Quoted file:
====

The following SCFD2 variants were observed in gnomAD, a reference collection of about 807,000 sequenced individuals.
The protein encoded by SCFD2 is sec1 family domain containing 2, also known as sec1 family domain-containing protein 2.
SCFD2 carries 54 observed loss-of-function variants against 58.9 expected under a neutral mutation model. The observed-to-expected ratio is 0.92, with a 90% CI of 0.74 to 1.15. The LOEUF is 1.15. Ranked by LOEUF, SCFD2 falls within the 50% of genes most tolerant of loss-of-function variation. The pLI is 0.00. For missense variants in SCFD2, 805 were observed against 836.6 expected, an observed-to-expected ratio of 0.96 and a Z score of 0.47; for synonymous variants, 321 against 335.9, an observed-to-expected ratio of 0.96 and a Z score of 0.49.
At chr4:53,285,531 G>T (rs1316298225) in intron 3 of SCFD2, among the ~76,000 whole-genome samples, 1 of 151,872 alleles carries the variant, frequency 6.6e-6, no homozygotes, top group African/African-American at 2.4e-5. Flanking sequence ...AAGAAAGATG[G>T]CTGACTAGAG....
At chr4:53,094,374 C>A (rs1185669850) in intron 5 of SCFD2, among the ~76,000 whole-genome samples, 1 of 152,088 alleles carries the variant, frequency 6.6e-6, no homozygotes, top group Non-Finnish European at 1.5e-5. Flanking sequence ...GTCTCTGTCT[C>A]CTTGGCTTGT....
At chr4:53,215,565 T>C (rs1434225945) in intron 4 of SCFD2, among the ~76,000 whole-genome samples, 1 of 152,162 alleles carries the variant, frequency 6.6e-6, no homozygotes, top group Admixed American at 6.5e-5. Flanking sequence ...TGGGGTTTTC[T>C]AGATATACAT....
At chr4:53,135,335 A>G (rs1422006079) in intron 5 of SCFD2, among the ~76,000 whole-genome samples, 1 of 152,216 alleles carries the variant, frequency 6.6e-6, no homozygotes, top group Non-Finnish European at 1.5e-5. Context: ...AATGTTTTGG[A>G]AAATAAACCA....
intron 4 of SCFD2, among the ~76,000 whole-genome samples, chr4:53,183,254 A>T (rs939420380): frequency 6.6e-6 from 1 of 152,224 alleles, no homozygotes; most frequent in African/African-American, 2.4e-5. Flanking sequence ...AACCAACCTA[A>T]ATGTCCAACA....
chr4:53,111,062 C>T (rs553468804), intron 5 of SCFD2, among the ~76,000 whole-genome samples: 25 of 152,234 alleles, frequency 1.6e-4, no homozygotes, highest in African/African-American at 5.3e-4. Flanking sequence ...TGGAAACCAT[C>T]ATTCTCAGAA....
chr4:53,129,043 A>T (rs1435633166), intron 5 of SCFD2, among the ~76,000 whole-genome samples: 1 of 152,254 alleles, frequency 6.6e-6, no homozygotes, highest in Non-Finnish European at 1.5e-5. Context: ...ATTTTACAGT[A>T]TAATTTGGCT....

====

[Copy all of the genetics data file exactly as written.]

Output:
The following SCFD2 variants were observed in gnomAD, a reference collection of about 807,000 sequenced individuals.
The protein encoded by SCFD2 is sec1 family domain containing 2, also known as sec1 family domain-containing protein 2.
SCFD2 carries 54 observed loss-of-function variants against 58.9 expected under a neutral mutation model. The observed-to-expected ratio is 0.92, with a 90% CI of 0.74 to 1.15. The LOEUF is 1.15. Ranked by LOEUF, SCFD2 falls within the 50% of genes most tolerant of loss-of-function variation. The pLI is 0.00. For missense variants in SCFD2, 805 were observed against 836.6 expected, an observed-to-expected ratio of 0.96 and a Z score of 0.47; for synonymous variants, 321 against 335.9, an observed-to-expected ratio of 0.96 and a Z score of 0.49.
At chr4:53,285,531 G>T (rs1316298225) in intron 3 of SCFD2, among the ~76,000 whole-genome samples, 1 of 151,872 alleles carries the variant, frequency 6.6e-6, no homozygotes, top group African/African-American at 2.4e-5. Flanking sequence ...AAGAAAGATG[G>T]CTGACTAGAG....
At chr4:53,094,374 C>A (rs1185669850) in intron 5 of SCFD2, among the ~76,000 whole-genome samples, 1 of 152,088 alleles carries the variant, frequency 6.6e-6, no homozygotes, top group Non-Finnish European at 1.5e-5. Flanking sequence ...GTCTCTGTCT[C>A]CTTGGCTTGT....
At chr4:53,215,565 T>C (rs1434225945) in intron 4 of SCFD2, among the ~76,000 whole-genome samples, 1 of 152,162 alleles carries the variant, frequency 6.6e-6, no homozygotes, top group Admixed American at 6.5e-5. Flanking sequence ...TGGGGTTTTC[T>C]AGATATACAT....
At chr4:53,135,335 A>G (rs1422006079) in intron 5 of SCFD2, among the ~76,000 whole-genome samples, 1 of 152,216 alleles carries the variant, frequency 6.6e-6, no homozygotes, top group Non-Finnish European at 1.5e-5. Context: ...AATGTTTTGG[A>G]AAATAAACCA....
intron 4 of SCFD2, among the ~76,000 whole-genome samples, chr4:53,183,254 A>T (rs939420380): frequency 6.6e-6 from 1 of 152,224 alleles, no homozygotes; most frequent in African/African-American, 2.4e-5. Flanking sequence ...AACCAACCTA[A>T]ATGTCCAACA....
chr4:53,111,062 C>T (rs553468804), intron 5 of SCFD2, among the ~76,000 whole-genome samples: 25 of 152,234 alleles, frequency 1.6e-4, no homozygotes, highest in African/African-American at 5.3e-4. Flanking sequence ...TGGAAACCAT[C>T]ATTCTCAGAA....
chr4:53,129,043 A>T (rs1435633166), intron 5 of SCFD2, among the ~76,000 whole-genome samples: 1 of 152,254 alleles, frequency 6.6e-6, no homozygotes, highest in Non-Finnish European at 1.5e-5. Context: ...ATTTTACAGT[A>T]TAATTTGGCT....